Cori “Coco’’ Gauff joined Tennis Royalty in a thrilling comeback win over Polona Hercog 3-6, 7-6,7-5, stellar performance, which showcased the commencement of a brilliant promising career ahead. The teenage sensation is undoubtedly an inspiration. We all love a beautiful story, we root for the underdog, and the Coco Gauff resurgence at Wimbledon 2019 is no exception. Coco’s narrative is an alluring story of triumph reminiscent of Leicester FC winning the English Premier League title against all odds in the 2015/16 season.
As Cori Gauff, nicknamed ‘Coco’ etched her name in Wimbledon folklore, I am forever grateful, I was present to witness this unfolding piece of history at Centre Court. After the epic win, as TV pundits and other commentators fell over themselves in sanctimonious fashion, admonishing against society heaping extreme pressure on the shoulders of a 15-year-old teenager, (drawing on past examples of ‘fallen’ child stars), I found myself rabidly disagreeing with this notion. Surely, had Coco not just shown us phenomenal energy and resilience, saving two match points in the second set, and twice coming back from behind to subdue a tried and tested maestro as Hercog? Far from being a one-off sensation, in Coco, I see a future Tennis legend being born here, one who will be an inspiration to posterity, particularly the youngsters and for that she deserves our support.
Coco is terrific! 👏🏾 https://t.co/13vsVKdjFP
— Michelle Obama (@MichelleObama) July 5, 2019
With such a stellar performance as seen last Friday, Coco joins the ranks of Tennis royalty, i.e. Martina Hingis, Martina Navratilova, Steffi Graf, Monica Seles and ‘supreme’ Serena Williams among others. As if to validate Coco’s rising star, Martina Navratilova was gushing in her eulogy of Coco, in a post-match interview with the BBC Sports, characterising Coco as a natural, who will certainly, ‘transcend the game,’ of tennis.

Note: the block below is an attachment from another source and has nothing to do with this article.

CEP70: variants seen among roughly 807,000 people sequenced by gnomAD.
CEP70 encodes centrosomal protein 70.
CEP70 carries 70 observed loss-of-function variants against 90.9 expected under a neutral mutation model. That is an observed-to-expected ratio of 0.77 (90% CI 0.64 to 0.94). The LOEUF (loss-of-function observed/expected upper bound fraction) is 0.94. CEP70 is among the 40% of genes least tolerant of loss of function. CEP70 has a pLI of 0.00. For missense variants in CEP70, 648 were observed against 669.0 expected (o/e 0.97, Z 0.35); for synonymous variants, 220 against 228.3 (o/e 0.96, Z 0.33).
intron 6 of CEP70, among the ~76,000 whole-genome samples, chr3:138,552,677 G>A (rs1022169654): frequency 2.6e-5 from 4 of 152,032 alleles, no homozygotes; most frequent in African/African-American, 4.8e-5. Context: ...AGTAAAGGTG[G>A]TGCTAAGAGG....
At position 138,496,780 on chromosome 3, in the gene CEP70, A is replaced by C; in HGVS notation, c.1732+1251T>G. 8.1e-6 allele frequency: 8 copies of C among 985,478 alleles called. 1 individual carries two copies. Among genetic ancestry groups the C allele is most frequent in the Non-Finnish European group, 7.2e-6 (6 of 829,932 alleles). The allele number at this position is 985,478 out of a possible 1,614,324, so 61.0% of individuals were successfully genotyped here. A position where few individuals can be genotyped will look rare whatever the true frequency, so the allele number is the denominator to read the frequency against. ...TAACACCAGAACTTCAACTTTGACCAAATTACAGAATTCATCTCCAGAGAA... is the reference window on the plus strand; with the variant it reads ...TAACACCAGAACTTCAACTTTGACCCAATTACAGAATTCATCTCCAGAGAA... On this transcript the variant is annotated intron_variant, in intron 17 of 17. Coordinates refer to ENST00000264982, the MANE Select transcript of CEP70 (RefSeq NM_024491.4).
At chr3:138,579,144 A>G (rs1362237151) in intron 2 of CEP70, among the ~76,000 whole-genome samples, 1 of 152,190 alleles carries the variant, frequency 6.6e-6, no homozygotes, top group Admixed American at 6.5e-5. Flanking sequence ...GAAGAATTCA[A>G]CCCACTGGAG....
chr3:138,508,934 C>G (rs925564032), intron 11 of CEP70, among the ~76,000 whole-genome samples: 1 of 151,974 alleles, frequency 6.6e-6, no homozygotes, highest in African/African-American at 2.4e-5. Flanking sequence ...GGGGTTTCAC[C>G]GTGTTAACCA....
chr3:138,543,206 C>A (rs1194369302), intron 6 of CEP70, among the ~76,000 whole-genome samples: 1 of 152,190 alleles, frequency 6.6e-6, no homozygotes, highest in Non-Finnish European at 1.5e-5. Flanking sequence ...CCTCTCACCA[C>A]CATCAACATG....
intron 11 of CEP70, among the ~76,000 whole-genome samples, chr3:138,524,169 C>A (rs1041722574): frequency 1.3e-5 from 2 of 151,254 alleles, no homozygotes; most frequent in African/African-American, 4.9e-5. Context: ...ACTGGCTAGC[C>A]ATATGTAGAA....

Centre Court is known for its aura and unparalleled melodrama, a place of mixed fortunes, a “boiling cauldron” in Shakespearean parlance, a fortress for the tried and tested Tennis greats. Perhaps, in equal measure, the proverbial ‘slaughter house,’ for the uninitiated or those wet behind the ears. But not so for Coco Gauff, the fifteen-year-old American school girl who, came out guns blazing, twice leapfrogging behind from two sets to claim a hard-fought victory over seasoned Polona Hercog beating her 3-6, 7-6, 7-5. Playing dazzling Tennis, Centre Court and the global television audience were wowed and mesmerised as Coco wrote her story on the Tennis world stage last Friday afternoon. The same limitless energy which had seen her trounce Magdalena Rybarikova and 5-time champion Venus Williams in the opening round was in full display mode, once more, as the prodigy belted one shot after the other in the sweltering British summer heat, squaring up to the pulsating duel with worthy opponent Polona Hercog. When the chips looked almost down for her, Coco tapped into her resilience by emerging out of a gripping tie-break, taking the contest into a third hour.
— Coco Gauff (@CocoGauff) July 1, 2019